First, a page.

The data economy: the whys I - digitalisation

Various technologies have been developed in the last 50 years to convert in a meaningful way atoms into bits.

A portable 3D scanner converts into bit an object shape. Credit: Creaform3D

Since at EIT Digital we are seriously considering to play a big role into the coming Data Economy, and this will likely be our "leit motif" over the coming 3 years I have started to share some thoughts on this. And, as you have seen, I started with an application area, Health Care, because our feeling is that the data economy will be driven by application areas, rather than be imposed in a top down fashion. Moving from application areas guarantees immediate returns.  And, I choose health care specifically because of the emotional relevance it has (you got plenty of data in moving containers around the world but that is much less catchy, isn't it?).

What happened in the last 50 years as computers percolated every path of business and life was a drive towards digitalization. In principle anything can be represented using bits, text, images, sound, urban plans and manufacturing processes.

Transforming the real world into a meaningful representation based of bit has been straightforward in certain areas (math, as an example) and trickier in others (like thought processes), so tricky in fact that we have not achieved a complete digitalization of the world and of ourselves.

Of course, one should first define what is meant by “meaningful”; my definition is the creation of a digital entity that is equivalent, under certain conditions, to the physical one. As an example a digital plane is not like a real plane but if the aim is to simulate its characteristics in flight situations we can say that the two are equivalent, likewise if the goal is to manufacture the plane we can say that the digital equivalent is an effective blueprint that lets us build the physical one.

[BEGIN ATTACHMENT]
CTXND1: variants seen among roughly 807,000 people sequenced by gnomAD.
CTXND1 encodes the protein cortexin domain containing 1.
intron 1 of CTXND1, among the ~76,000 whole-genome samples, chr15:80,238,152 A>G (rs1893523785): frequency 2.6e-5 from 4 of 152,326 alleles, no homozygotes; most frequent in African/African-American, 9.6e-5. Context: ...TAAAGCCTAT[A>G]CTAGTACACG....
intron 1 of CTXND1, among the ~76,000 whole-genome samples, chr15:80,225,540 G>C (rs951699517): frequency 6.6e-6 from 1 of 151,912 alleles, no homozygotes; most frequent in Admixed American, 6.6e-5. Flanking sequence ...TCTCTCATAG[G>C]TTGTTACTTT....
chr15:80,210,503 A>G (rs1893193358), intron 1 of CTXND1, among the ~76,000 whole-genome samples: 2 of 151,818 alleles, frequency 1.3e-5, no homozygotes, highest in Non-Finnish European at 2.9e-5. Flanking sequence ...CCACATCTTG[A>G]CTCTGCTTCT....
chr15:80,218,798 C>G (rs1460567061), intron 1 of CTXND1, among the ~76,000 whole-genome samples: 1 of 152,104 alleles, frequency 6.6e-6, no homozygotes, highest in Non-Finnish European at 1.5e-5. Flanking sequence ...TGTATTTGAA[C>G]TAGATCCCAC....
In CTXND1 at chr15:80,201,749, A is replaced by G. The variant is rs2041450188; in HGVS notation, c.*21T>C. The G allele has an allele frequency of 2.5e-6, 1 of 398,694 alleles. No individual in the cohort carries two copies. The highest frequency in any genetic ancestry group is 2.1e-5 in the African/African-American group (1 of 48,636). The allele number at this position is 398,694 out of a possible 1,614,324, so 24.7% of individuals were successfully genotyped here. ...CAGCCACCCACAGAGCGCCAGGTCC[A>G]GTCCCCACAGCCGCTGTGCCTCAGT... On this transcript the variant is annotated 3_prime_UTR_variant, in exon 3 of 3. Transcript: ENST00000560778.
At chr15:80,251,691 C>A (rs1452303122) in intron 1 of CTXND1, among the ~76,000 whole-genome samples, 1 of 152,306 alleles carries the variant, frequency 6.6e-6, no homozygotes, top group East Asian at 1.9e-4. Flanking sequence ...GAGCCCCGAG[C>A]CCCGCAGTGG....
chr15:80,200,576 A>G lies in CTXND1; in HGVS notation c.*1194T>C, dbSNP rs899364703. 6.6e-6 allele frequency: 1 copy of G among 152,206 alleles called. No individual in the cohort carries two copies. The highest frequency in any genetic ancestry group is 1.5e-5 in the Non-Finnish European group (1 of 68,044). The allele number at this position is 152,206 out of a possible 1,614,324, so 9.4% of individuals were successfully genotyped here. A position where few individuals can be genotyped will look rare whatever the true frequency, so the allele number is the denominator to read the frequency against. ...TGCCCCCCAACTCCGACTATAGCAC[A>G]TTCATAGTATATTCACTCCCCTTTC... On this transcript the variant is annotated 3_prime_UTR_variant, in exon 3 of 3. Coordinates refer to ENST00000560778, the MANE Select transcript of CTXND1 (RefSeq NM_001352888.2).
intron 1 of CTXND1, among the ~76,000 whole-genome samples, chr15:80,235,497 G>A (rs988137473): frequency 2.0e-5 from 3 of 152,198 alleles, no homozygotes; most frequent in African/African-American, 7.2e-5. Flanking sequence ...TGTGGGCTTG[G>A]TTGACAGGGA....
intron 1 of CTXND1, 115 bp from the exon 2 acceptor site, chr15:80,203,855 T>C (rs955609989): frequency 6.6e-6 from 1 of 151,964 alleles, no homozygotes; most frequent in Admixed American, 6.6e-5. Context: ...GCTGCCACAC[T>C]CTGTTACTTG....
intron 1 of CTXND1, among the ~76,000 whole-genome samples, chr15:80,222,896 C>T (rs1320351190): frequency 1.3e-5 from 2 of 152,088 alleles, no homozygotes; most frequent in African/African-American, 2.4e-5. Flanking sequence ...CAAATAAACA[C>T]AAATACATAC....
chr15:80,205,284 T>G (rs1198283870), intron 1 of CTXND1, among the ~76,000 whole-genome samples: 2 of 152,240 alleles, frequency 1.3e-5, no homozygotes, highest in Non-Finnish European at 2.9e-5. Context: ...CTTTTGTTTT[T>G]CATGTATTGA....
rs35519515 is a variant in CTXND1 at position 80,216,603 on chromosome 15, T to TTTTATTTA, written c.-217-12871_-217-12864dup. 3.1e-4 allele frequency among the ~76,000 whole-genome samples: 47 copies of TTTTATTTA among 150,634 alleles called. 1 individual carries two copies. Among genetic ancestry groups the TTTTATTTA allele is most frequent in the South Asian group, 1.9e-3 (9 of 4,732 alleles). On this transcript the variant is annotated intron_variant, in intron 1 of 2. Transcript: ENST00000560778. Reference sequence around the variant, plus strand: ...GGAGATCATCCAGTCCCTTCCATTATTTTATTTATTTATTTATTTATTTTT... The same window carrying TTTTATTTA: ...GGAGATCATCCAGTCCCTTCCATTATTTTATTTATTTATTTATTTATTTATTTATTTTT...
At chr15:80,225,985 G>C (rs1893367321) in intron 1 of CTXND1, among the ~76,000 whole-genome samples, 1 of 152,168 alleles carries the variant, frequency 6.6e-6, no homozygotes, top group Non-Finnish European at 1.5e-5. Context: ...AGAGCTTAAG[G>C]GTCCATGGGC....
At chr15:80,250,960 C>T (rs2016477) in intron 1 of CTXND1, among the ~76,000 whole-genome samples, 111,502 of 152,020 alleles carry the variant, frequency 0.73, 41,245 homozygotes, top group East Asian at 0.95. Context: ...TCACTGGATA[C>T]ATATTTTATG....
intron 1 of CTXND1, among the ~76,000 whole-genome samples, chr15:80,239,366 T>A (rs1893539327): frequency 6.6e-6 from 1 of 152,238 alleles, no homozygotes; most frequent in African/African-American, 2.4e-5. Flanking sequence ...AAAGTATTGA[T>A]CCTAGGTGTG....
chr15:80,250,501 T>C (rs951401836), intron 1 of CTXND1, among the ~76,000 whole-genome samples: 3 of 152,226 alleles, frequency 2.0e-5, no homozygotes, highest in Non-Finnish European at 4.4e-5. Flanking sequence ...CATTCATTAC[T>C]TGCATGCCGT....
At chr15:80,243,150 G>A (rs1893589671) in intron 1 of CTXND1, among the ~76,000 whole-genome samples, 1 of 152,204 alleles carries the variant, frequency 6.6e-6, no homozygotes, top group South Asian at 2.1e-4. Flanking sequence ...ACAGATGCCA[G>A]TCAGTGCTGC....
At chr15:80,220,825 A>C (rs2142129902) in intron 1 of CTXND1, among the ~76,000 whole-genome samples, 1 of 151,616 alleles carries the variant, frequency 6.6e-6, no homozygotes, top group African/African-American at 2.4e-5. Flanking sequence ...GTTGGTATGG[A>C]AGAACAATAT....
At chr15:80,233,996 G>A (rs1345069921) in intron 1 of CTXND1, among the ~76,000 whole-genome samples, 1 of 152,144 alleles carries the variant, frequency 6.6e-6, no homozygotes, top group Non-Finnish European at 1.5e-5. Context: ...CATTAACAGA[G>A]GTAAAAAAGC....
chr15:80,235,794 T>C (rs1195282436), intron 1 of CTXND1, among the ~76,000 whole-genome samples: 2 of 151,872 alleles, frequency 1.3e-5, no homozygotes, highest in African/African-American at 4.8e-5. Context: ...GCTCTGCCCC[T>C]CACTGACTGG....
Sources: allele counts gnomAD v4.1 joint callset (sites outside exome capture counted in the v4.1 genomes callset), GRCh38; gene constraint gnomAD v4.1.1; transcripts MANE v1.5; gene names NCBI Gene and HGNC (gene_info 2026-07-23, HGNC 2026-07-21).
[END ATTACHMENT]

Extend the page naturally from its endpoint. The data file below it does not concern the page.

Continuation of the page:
In health care the digitalization has proved its usefulness in many many areas: detection and recording of the inner structure of our body (radiography, fMRI,…), modeling of prosthetics for manufacturing (e.g. tooth implants), design of new drugs, analyses of epidemics, sequentialization of the genome and so on.

What is crucial is the existence of a correspondence between the bits, the digital copy, and some aspects of the physical reality.

Look at the drawing. We have the world of atoms and by applying a variety of instruments, that we can call for uniformity “sensors” we “extract” a sort of digital essence that can live in the world of bits. This has been driving the evolution in the last fifty years and the progress was made possible by the creation of ever more sophisticated “sensors” along with ever more sophisticated software that ensures the correspondence, i.e. that the understanding derived at the bit level applies to the atom level.

This has not been a minor endeavor and although it has resulted in an amazing wealth of knowledge it has also created many issues.  Even in the math space, a space where bits seem even better at home than in a physical world (a line has just one dimension but in the physical world it has to have two, actually three, dimensions whilst in the bit space it can exist in one dimension only since bits are dimension-less and what they represent is depending on the software using them), there have been, and there still are, argument about the validity of a theorem proven in the bit world by a computer. A point in case is the demonstration of the sufficiency of four colors to cover a surface in such a way that a same color does not appear juxtaposed and separated by a line.  This theorem has been solved through computer processing requiring such lengthy steps that it is impossible “to run it” in our brain, hence a number of mathematicians are not accepting it.

However, the transformation of atoms into bits has led to such successful results that it has become ubiquitous and efforts has continued through these years to digitalize everything.

Author - Roberto Saracco

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